So that was the one decision that we took, and the other one is we were thinking very hard and long about the modality of delivering therapy. A few years ago I may have been thinking differently, but today I’m pretty sure that therapy equals therapist. The quality, the dedication, the passion, the commitment, the relationship that any therapist create and generate with their patient, with their client, is the only real difference made here in the success of the treatment. The modality? It’s far less important. You all know it because you can talk on the phone, you can Skype, or you can text, or you can … I don’t know if smoke signs are going to work; we haven’t tried that modality yet. It’s going to be very local; I don’t think it’s going to work across state lines. But it is the personality of the therapist, and their ability to generate a relationship.

If you look at the traditional, amazing, beloved modality of face-to-face therapy, which I have done for so many years, I want to make very clear that we love this modality. If it was accessible and affordable for those sixty-million people, or even for half of them, we wouldn’t be needed; we shouldn’t be sitting here today. But the truth is there isn’t. Most people cannot access it, so the second decision beyond going directly to the consumer is find and additional, alternative, new modality that allows therapists to generate this relationship in a much more … “Convenient,” I think is the right word … That people would love and continue to consume.

This is basically our product, Unlimited Messaging Therapy, and this is the stuff that helps us to help ten thousands of people. Please know and remember: Half of the people that are using Talkspace have never been to therapy before, and would have never gone to therapy if Talkspace did not exist. For us, this is the fulfillment of what we are setting out to do. Those are people that had no access to help, and now they do. Case closed.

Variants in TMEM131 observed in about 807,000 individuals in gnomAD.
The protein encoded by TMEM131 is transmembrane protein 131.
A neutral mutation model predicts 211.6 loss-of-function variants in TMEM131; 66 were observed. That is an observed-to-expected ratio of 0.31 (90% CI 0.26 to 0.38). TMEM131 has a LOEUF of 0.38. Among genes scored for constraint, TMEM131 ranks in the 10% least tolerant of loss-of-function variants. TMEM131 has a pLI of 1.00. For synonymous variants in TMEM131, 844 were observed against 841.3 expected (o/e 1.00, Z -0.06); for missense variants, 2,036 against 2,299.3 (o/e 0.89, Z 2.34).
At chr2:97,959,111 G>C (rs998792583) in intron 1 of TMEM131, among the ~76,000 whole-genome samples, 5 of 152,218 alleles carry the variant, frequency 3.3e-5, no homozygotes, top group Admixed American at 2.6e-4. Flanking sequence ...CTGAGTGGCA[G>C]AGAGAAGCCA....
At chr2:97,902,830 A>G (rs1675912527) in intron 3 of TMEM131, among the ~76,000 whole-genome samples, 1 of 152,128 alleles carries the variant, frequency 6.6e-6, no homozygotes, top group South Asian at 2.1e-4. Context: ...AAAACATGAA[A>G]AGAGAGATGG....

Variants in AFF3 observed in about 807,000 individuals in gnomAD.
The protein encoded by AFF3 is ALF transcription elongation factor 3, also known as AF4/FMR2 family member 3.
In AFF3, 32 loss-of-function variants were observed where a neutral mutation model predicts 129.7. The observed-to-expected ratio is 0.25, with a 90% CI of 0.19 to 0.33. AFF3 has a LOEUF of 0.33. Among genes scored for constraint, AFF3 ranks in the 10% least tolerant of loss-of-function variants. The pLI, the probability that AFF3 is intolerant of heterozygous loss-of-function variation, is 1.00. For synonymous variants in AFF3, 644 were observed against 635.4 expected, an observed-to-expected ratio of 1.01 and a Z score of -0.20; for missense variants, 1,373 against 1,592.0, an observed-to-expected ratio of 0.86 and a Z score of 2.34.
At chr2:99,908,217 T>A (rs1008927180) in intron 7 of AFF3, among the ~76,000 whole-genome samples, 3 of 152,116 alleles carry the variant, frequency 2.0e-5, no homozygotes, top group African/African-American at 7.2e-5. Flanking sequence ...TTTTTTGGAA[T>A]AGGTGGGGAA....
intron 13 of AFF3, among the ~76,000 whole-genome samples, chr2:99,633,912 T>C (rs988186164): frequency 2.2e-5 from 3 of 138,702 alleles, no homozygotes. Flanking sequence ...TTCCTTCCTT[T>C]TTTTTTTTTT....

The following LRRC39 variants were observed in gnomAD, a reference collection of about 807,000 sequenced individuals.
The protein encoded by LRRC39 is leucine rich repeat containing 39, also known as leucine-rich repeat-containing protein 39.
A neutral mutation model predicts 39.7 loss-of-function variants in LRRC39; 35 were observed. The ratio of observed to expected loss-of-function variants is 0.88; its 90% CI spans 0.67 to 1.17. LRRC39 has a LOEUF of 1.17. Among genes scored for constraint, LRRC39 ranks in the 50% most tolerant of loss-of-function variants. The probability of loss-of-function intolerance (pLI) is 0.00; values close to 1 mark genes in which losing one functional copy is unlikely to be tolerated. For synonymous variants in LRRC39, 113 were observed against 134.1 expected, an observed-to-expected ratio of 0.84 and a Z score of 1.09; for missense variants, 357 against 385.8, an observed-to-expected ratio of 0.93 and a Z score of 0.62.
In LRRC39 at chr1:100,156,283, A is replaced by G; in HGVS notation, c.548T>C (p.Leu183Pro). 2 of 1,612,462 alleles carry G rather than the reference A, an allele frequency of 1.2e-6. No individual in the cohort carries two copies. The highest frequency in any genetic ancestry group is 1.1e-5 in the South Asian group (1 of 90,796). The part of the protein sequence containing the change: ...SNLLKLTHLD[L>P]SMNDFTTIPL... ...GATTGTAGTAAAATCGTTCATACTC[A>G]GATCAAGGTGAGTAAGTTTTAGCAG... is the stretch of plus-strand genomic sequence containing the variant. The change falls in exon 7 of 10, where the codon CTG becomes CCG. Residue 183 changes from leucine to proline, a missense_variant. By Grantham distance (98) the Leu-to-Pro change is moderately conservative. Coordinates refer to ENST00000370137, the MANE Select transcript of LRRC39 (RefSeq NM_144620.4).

Now why are we actually here today? Why are we doing a conference that’s called “The Future of Therapy?” I think three reasons, very, very roughly. First one is around therapy. We need to come out and push this wonderful profession and get people to understand the value of psychotherapy, the power of it. It’s 2016, guys, and I still get some people: “I’m just fresh out of funding a roadshow,” and … I want to hear some sympathy, some empathy, guys. At 2016 I still met a lot of investors that actually doubt that this is a profession, and that it is helpful. I know it’s weird. There are probably just a couple of thousand of researches that prove the opposite, but it still shows you the power of the stigma, and the stigma as it is reflected in the resistance expressed by: “Oh, therapy is nothing. It’s not going to work.” They don’t really know. They don’t really care. They’re being threatened by the notion of mental healthcare. That’s the real story, in my opinion, behind it.

So we are here to say: Yeah. Therapy is amazing. Therapists are amazing because therapy is therapist, as I mentioned before. We want to make sure that people understand that, and this is a method or a way for us to fight stigma and remove it.

The second one is I think we need help. I think Roni and I, and the amazing team that is working with us and built an amazing platform and company, we need all the help we can get from other companies, from other participants in the ecosystem that is trying to change the healthcare industry and system in the United States; and by change I’m actually meaning making it halfway decent, and edible. We’re not going to be able to do this all by ourselves so we invite many people from other companies that are here today, from the entire system that surrounds this, to come and help us and join forces.

This is not a competitive discussion. There are sixty-million people that need help every year. There’s room for everyone. Anyone, guys; anyone that wants to join in and start this tradition that we started today, which is called “The Future of Therapy,” which is an open and transparent discussion about “How do we make better, quicker?” The real common aim, or target, or goal of all of us is that alleged and beautiful human condition that we want to help with, and we want to help the helpers. So I really hope to see all of you, and maybe a few hundred more people next year in the second year of “The Future of Therapy.” The plan is to stand right here in this place and tell you about the progress that we did in the year of 2016. Hopefully, you guys will be a huge part of this progress.

Thank you very much. Enjoy the day.